What we are losing….. 2

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This topic contains 110 replies, has 2 voices, and was last updated by  ulvfugl 3 years, 2 months ago.

Viewing 30 posts - 31 through 60 (of 111 total)
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  • #14731

    ulvfugl
    Keymaster

    #14735

    ulvfugl
    Keymaster

    #14761

    ulvfugl
    Keymaster

    #14762

    ulvfugl
    Keymaster

    #14766

    ulvfugl
    Keymaster

    #14769

    ulvfugl
    Keymaster

    Spot the two birds… well, I can’t see any more than two

    #14846

    ulvfugl
    Keymaster

    By the 1990s the northern bald ibis was not only long gone from Europe but also critically endangered around the world, namely in the Middle East and North Africa, where it once flourished. In the 1950s, Turkey used DDT intensively, killing many hundreds of birds while also interfering with their reproduction. Conservationists caught more than 40 of the remaining wild birds in the ‘70s and ‘80s, preventing them from migrating but allowing them to breed on site. The hatchlings did well, but the wild flock continued to decline and was declared extinct in 1990. Their migration tradition died with them. Without experienced migrators to show them the way, the descendants of the captured birds remained in Turkey, cared for by humans, unaware of where their ancestors had spent their winters.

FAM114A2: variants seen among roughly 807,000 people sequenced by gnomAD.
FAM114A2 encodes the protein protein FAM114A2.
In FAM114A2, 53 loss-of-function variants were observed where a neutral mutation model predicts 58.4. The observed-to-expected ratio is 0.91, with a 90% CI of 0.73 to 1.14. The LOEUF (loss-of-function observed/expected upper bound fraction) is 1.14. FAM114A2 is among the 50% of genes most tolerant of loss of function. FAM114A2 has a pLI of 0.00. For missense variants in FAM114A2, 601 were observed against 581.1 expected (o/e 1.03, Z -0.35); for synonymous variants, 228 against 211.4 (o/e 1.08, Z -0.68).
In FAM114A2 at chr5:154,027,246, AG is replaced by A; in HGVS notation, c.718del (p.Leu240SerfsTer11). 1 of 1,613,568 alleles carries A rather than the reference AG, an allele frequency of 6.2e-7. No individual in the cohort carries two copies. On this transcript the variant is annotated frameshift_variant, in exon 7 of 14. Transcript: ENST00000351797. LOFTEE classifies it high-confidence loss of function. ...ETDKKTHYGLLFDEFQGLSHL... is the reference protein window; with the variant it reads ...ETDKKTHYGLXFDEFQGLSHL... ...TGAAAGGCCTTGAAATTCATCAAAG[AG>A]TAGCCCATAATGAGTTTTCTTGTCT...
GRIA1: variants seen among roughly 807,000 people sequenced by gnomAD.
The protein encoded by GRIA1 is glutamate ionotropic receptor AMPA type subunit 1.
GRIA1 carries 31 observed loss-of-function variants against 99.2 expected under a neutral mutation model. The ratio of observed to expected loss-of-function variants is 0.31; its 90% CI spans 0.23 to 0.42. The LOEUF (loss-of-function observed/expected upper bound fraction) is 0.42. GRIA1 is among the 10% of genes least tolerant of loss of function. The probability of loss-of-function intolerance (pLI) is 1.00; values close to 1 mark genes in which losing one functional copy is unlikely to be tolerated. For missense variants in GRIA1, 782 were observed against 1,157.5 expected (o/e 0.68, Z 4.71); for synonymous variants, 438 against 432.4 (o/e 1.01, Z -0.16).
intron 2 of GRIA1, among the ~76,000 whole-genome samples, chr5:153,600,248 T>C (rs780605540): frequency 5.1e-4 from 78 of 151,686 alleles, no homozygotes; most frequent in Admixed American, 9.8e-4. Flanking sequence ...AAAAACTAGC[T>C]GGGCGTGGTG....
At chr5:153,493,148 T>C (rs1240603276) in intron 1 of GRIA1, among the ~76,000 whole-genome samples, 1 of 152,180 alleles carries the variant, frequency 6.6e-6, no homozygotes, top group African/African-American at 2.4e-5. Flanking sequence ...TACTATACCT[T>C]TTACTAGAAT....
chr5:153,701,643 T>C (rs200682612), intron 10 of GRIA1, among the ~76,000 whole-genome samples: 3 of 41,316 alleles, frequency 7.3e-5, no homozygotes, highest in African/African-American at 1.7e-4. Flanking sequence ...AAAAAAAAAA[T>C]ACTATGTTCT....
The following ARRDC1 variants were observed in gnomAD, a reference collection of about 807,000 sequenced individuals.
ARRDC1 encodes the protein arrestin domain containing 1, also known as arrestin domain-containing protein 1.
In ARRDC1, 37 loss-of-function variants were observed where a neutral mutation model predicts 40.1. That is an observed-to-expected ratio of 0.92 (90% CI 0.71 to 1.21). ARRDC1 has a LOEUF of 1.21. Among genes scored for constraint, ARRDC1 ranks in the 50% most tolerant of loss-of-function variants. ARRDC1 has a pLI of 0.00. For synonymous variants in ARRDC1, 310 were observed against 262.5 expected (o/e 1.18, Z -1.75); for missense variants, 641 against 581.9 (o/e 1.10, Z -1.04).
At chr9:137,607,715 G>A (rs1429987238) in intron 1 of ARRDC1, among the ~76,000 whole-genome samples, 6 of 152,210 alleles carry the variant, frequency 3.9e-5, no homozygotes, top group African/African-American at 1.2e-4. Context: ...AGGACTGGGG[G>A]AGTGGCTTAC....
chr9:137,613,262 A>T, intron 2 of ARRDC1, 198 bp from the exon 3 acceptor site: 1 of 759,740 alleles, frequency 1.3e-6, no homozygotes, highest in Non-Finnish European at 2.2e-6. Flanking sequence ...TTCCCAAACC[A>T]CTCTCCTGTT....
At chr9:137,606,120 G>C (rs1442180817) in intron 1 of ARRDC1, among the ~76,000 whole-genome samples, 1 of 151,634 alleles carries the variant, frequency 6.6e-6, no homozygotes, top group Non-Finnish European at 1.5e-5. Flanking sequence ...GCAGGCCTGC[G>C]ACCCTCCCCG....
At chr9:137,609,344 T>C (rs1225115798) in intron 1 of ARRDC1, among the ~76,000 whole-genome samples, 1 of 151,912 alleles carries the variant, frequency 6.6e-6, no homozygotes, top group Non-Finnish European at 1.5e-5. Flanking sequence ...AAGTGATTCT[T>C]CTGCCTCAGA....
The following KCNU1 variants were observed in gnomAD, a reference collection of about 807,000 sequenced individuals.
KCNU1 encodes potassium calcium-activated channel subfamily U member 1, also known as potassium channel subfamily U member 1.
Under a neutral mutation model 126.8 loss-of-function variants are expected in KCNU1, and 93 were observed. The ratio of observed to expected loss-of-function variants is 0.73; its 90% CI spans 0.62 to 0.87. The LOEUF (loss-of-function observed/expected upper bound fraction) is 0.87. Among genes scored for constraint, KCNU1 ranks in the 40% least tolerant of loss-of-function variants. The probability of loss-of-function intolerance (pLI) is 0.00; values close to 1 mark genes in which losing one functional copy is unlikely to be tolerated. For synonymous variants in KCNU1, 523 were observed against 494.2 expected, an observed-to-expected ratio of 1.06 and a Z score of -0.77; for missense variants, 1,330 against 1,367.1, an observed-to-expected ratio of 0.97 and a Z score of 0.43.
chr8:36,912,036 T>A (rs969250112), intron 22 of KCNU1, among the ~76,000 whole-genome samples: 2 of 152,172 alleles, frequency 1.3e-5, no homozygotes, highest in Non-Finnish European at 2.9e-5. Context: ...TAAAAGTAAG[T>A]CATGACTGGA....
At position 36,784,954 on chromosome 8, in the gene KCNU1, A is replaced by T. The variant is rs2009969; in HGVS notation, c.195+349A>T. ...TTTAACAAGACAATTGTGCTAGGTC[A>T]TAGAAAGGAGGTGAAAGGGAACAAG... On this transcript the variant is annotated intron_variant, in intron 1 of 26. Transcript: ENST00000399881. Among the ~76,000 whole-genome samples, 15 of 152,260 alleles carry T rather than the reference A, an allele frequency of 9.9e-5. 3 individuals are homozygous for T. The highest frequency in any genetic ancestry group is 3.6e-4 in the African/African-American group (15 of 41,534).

In the meantime, zoos figured out how to breed the northern bald ibis using descendants of a North African population. There were soon more than zoos could handle. Some conservationists experimented with releasing them into the wild to form colonies, but the young birds didn’t cohere into a group and instead wandered off.

    http://nautil.us/issue/3/in-transit/the-new-flight-of-the-ibis

    #14852

    ulvfugl
    Keymaster

    #14857

    ulvfugl
    Keymaster

    Охота была удачной

    #14864

    ulvfugl
    Keymaster

    #14865

    ulvfugl
    Keymaster

    #14898

    ulvfugl
    Keymaster

    fox

    #14923

    ulvfugl
    Keymaster

    croc

    #14961

    ulvfugl
    Keymaster

    Throughout the state, climate change is intensifying storm surges and thawing the permafrost—land that previously remained frozen throughout the year. Parts of highways are sinking. Trees around Fairbanks have slipped to such rakish angles that they have become known as drunken forests.

    But it’s not hard to see why the Yukon-Kuskokwim Delta, a watershed the size of Britain, is especially vulnerable. Approaching from the air, it’s difficult to determine whether this region is a landmass with many lakes or a body of water with many islands. The Yup’ik never intended to live here year-round: They were a nomadic people forced into settlements by missionaries and the government. The villages where the Yup’ik now live year-round were once their summer fishing and hunting grounds.

    http://www.theatlantic.com/features/archive/2014/06/when-global-warming-kills-your-god/372015/

    #14962

    ulvfugl
    Keymaster

    Koala fight !

    #14970

    ulvfugl
    Keymaster